FULLER: What was your guiding principle in composing and framing the film?

BRANAGH: I wanted to create a fairy-tale world of primary colors, of large rooms, of space and size, of big buildings, of big nature. I wanted to have a sense of the presence of enormous natural forces, and of humans being small in relation to all these things. I want the audience to be there in Victor's fevered imagination and I want them to catch the bug, so the camera moves a great deal. The camerawork is often expansive and bright, but then we go to ingolstadt, where the plague is, the images are dark and miserable and sweaty and grimy. Shelley herself made those contrasts quite broad.

FULLER: Did unexpected metaphors emerge?

BRANAGH: It's become very religious in a way. There's a lot of Christ-like imagery in it, and Victor's laboratory, I've suddenly realized, looks like a holy cathedral. It seems very sacrilegious, ungodly. You're really aware that you're watching a man who's shaken hands with the devil, and there's something diabolical in there that was not conscious but just seeps through the entire picture.

FULLER: Did you get right to the core of horror?

BRANAGH: When Victor decides to re-create his dead bride in this picture, it's so horrific as to be almost unbearable. When he dances with her, it's impossible to conceive what's happening, because of your emotional investment in their relationship. It's your worst nightmare come true before your very eyes. It's more than just being frightened by that the Creature looks like, more than just being scared because something emerged from the shadows when you weren't expecting it. Although the film obeys some of the horror genre rules, it evokes a primary repulsion of something that is almost beyond the imagination and yet is sufficiently close to what's possible as to be profoundly disturbing. I will not be sad to say good-bye to this project, because it's quite a hard thing to carry around in your system for two years. After Frankenstein, I feel as if I want to make a film about somebody having a nice cup of tea.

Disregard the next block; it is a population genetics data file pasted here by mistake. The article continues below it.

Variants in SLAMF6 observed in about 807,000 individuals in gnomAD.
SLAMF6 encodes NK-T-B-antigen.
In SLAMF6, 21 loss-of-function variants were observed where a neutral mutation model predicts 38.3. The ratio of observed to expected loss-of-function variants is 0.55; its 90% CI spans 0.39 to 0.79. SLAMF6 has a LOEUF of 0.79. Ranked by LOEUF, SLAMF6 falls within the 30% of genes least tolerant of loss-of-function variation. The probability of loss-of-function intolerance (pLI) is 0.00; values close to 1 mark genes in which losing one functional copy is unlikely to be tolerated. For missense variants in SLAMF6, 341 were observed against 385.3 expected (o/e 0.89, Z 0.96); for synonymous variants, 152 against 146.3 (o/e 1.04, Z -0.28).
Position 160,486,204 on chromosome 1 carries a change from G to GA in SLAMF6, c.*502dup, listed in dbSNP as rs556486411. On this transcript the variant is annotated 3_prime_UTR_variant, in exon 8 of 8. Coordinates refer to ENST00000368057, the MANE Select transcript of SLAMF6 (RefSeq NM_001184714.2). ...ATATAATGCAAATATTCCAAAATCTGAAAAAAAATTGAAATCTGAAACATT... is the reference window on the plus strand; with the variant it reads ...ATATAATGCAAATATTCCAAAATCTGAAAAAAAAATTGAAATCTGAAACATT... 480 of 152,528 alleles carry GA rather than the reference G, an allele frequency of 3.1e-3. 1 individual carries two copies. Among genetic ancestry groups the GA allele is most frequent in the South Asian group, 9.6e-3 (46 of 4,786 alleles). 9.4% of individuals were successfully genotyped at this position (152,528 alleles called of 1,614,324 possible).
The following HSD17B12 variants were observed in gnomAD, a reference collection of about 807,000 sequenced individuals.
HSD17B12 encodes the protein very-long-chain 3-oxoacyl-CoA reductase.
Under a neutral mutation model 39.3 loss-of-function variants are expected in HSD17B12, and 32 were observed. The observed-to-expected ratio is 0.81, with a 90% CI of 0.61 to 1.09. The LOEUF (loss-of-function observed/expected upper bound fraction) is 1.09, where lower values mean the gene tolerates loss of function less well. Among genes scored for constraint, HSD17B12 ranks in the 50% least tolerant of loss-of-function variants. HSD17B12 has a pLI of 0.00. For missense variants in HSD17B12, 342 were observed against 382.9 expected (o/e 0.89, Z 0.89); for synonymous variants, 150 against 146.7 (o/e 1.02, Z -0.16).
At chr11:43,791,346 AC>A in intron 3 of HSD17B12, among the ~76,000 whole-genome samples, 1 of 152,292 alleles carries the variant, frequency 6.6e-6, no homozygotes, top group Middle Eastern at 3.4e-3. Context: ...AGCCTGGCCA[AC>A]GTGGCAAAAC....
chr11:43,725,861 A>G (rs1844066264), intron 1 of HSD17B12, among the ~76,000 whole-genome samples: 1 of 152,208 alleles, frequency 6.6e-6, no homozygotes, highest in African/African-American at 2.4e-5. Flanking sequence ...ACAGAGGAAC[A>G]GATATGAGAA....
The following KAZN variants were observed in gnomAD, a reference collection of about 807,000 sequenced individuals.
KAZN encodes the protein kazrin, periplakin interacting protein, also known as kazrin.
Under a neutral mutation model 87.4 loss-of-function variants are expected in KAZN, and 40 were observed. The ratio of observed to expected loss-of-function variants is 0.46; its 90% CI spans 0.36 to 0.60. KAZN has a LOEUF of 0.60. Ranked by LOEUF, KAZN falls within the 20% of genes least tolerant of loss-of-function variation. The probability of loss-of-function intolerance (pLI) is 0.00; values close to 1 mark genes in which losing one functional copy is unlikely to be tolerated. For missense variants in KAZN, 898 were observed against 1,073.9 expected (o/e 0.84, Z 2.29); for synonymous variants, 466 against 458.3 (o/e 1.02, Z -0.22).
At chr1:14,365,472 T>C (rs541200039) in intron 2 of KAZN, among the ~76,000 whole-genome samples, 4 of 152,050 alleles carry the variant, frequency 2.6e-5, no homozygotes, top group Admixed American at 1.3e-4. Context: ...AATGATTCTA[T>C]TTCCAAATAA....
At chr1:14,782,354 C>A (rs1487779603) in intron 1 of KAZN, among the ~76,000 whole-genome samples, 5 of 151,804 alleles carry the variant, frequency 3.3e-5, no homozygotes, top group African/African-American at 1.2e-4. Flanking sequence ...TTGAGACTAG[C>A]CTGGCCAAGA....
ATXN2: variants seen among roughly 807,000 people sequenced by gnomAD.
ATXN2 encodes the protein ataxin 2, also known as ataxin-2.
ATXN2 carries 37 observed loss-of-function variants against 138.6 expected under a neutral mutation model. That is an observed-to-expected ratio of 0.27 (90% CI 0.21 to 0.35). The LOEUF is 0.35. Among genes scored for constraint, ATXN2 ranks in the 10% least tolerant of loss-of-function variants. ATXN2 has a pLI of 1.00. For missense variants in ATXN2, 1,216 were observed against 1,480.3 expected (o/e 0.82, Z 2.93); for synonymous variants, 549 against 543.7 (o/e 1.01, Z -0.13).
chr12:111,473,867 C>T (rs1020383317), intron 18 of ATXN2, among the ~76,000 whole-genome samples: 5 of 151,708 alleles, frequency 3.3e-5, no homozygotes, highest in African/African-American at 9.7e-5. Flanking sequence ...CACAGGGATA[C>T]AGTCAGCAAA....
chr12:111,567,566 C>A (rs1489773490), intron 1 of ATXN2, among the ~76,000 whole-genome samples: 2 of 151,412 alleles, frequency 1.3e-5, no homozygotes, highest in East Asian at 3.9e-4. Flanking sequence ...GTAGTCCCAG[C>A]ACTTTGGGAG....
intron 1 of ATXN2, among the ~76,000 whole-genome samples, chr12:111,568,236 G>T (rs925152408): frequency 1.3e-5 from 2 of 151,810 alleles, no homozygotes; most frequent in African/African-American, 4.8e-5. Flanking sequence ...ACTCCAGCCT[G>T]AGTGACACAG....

FULLER: Did the movie ever become your own personal monster?

BRANAGH: At times it did, yeah. It's a big thing and it demands massive amounts of attention, and having come this far and having had the amount of freedom I've had to work on it, it's not possible to walk away from it without feeling that everything that you wanted to say or do in it has at least been attempted. So to that extent it remains an obsession.

FULLER: You've directed five movies now, and yet I get the sense that you never really intended to be a film director.

BRANAGH: No, I didn't expect that to be the case. I am genuinely surprised by it. I know Frankenstein has squeezed the last bit out of me for a while.

FULLER: Have you laid the ghost of the hubris that the British press reckoned was your lot?

BRANAGH: I really don't know. I guess if you hang around long enough and continue to do the best work you can, people will at least get used to you and take aim at someone else. Somehow I know there was something so right about my doing Frankenstein and taking so long over it that I've probably been laying some ghost inside myself. It was a very necessary job for me to do, but it'll take some time to recover from it.


THIS ARTICLE ORIGINALLY APPEARED IN OUR NOVEMBER 1994 ISSUE.